If is Monday then it must be me and this must be Haiti.
Well woke up this morning to a General Clinic Day and I can safely say that we had a line around the block long before I had the opportunity to pop out to the local Starbucks for a triple espresso. In fact there was a line around the block before I even got out of bed.
166 patients by days end. A trip record. High on the icky factor we drained a number of abcesses and ganglion cysts. Good thing I did not sleep through that lecture day. Say a number of sickle cell anemia cases which is not uncommon among the population and treated a man who we believe to have been misdiagnosed with philoriasis. We worked him over and assessed a hernia. Unfortunately he does not have the money to travel to the hospital for surgical consult and hernias are not one of the condition that we provide funds for. We did provide h im with medication and some support and wished him well and recommended regular rechecks with our Haitian staff. We also saw a couple who were trying to concieve for the last 4 years and our assessment was that it probably was for mostly treatable causes. We treated what we could and offered counselling and sent them off with best wishes. Only time will tell.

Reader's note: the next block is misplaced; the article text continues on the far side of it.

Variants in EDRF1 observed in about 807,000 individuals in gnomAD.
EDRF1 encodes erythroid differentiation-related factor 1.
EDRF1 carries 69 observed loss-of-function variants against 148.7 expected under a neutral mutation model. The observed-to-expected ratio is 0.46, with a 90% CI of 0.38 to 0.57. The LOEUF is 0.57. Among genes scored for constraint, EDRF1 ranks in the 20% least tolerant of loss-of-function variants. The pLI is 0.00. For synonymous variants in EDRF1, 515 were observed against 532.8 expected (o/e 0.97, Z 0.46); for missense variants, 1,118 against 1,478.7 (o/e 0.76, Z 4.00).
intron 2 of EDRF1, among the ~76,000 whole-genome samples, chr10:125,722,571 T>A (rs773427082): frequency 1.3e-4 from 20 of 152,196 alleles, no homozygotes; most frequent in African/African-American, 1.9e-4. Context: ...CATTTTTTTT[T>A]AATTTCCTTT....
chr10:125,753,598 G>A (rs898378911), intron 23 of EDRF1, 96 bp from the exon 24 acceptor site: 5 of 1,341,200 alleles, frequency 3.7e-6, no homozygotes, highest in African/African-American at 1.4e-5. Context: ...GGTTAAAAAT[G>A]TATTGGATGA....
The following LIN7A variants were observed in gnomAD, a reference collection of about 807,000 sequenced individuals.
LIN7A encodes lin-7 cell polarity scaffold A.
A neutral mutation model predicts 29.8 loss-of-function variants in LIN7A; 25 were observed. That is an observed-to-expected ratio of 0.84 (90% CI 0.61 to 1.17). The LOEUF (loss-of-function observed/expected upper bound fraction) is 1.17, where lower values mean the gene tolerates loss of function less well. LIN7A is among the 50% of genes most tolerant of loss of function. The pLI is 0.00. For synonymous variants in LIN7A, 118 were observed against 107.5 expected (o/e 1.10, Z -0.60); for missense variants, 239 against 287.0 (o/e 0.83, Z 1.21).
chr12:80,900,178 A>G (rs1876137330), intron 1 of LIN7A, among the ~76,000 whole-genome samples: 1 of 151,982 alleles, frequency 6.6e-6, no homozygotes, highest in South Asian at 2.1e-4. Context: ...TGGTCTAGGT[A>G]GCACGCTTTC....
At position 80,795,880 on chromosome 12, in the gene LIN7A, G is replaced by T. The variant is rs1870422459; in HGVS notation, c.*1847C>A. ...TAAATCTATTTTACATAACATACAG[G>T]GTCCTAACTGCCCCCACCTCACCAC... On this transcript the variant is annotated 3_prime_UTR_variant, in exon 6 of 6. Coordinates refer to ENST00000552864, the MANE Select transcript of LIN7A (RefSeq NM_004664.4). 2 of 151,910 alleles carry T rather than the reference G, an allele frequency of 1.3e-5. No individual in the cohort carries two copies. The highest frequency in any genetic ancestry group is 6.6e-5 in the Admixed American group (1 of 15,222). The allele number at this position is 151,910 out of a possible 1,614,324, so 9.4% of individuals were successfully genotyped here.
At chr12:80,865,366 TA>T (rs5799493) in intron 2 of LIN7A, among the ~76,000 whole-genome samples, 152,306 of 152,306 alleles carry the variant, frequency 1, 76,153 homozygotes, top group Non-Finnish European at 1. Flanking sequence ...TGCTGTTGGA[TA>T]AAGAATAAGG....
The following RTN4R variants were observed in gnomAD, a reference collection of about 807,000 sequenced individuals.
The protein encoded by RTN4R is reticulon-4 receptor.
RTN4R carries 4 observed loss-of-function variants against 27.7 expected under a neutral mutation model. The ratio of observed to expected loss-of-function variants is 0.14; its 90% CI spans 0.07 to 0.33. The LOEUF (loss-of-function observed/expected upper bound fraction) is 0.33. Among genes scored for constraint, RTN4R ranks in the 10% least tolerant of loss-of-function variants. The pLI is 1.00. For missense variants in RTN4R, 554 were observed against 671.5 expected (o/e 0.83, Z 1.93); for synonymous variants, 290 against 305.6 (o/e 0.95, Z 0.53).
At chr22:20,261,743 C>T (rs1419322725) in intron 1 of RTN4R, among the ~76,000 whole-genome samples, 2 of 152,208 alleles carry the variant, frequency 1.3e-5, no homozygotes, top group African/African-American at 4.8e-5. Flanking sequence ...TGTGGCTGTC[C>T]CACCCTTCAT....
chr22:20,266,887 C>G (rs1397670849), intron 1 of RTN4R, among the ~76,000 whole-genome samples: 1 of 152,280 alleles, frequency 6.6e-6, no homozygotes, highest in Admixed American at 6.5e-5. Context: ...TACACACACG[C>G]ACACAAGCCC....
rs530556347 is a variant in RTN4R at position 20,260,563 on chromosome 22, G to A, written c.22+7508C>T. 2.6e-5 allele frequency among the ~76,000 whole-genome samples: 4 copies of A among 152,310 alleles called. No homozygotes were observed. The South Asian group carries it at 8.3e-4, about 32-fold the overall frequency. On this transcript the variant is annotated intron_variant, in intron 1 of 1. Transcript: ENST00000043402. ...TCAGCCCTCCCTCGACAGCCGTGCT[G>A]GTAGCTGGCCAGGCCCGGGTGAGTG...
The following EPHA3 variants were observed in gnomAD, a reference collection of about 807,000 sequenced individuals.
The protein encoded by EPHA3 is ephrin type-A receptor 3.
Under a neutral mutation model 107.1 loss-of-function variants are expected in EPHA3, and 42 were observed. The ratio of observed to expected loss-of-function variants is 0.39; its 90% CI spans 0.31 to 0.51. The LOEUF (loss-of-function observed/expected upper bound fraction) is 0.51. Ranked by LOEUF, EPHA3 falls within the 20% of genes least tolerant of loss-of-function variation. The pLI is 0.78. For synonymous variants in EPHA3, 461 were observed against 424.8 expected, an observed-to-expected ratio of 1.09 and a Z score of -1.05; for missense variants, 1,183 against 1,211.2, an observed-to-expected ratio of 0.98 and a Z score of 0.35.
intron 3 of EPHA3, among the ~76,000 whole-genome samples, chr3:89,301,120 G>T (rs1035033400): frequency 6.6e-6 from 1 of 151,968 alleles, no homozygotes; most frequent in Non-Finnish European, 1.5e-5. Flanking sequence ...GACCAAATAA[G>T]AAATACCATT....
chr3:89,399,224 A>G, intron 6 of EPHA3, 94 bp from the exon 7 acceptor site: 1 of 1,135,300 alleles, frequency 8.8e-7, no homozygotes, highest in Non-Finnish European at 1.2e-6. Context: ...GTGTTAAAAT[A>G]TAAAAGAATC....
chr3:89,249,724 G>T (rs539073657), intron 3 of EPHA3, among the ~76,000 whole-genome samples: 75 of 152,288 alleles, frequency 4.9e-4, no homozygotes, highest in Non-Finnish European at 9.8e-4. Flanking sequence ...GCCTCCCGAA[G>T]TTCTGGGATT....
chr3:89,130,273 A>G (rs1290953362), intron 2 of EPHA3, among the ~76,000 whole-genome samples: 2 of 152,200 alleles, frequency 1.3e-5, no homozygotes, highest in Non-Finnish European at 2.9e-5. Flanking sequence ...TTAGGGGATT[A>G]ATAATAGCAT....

I am told that I was tasked with the new guy job, the Sex Ed class. I have done these in Canada and was very suprised with the level of maturity, interest and practical knowledge. The teens asked very directed and seriosu questions about HIV and AIDS and were extremely interested in hearing what we had to say and thankful for us having offered the class. Still a few jokes were levied here and there, or at least that is what the translator told me. In fact I think I may have learned a thing or two but nothing suitable for record here.
Tonight we are doing a Haitian version of the Dragon's Den. HVH is trying to prototype a microcredit opportunity here in the village. Offering small loans to people who have ideas for businesses that can help improve their lot. We are using a model based on research from other groups in Haiti and from the great Nobel winner Muhammad Yunus of the Grameen Bank in Bangladesh.
I can say that I am having a great time and this is the opportunity of a lifetime for a med student. I would highly recommend it to anyone. I feel that we are living in a luxury which sometimes give me pause. Then I listen to the old timers tell me that the first trips involved sleeping on a mat on the floors of the school, showering from a bucket and treating water every morning to drink. Oh yeah and the treating patients by headlamp and candlelight. they never tire of re-telling that one.